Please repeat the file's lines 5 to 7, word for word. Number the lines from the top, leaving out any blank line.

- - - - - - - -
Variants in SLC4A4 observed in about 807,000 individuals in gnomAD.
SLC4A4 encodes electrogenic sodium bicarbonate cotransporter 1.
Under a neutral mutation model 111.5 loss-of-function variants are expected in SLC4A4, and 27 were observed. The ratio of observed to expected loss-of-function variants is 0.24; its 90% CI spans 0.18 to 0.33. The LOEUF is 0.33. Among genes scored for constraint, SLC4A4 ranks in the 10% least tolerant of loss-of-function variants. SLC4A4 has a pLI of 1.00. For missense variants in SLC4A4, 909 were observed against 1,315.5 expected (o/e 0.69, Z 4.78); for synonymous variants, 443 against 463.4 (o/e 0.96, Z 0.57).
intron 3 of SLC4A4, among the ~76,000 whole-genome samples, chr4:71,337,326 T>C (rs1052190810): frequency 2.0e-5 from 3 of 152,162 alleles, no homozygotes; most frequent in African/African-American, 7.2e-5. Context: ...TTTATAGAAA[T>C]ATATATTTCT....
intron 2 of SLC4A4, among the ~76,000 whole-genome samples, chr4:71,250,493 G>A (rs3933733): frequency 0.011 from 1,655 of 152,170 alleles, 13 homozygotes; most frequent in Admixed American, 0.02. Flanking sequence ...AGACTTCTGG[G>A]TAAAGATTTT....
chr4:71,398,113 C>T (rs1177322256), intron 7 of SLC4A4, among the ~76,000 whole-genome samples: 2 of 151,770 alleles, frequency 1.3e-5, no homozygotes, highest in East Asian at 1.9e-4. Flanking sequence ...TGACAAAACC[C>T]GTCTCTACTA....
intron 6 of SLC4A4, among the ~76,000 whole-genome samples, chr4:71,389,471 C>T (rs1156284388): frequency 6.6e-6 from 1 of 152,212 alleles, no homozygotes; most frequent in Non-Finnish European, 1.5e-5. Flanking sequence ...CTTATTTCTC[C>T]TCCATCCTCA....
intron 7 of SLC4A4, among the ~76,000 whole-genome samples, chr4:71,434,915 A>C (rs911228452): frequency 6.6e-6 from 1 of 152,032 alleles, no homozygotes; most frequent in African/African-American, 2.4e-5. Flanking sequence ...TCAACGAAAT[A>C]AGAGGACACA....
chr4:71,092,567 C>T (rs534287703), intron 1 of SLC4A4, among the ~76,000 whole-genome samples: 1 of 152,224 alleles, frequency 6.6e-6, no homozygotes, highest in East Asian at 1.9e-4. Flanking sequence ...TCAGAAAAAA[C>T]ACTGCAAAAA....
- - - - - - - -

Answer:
intron 2 of SLC4A4, among the ~76,000 whole-genome samples, chr4:71,250,493 G>A (rs3933733): frequency 0.011 from 1,655 of 152,170 alleles, 13 homozygotes; most frequent in Admixed American, 0.02. Flanking sequence ...AGACTTCTGG[G>A]TAAAGATTTT....
chr4:71,398,113 C>T (rs1177322256), intron 7 of SLC4A4, among the ~76,000 whole-genome samples: 2 of 151,770 alleles, frequency 1.3e-5, no homozygotes, highest in East Asian at 1.9e-4. Flanking sequence ...TGACAAAACC[C>T]GTCTCTACTA....
intron 6 of SLC4A4, among the ~76,000 whole-genome samples, chr4:71,389,471 C>T (rs1156284388): frequency 6.6e-6 from 1 of 152,212 alleles, no homozygotes; most frequent in Non-Finnish European, 1.5e-5. Flanking sequence ...CTTATTTCTC[C>T]TCCATCCTCA....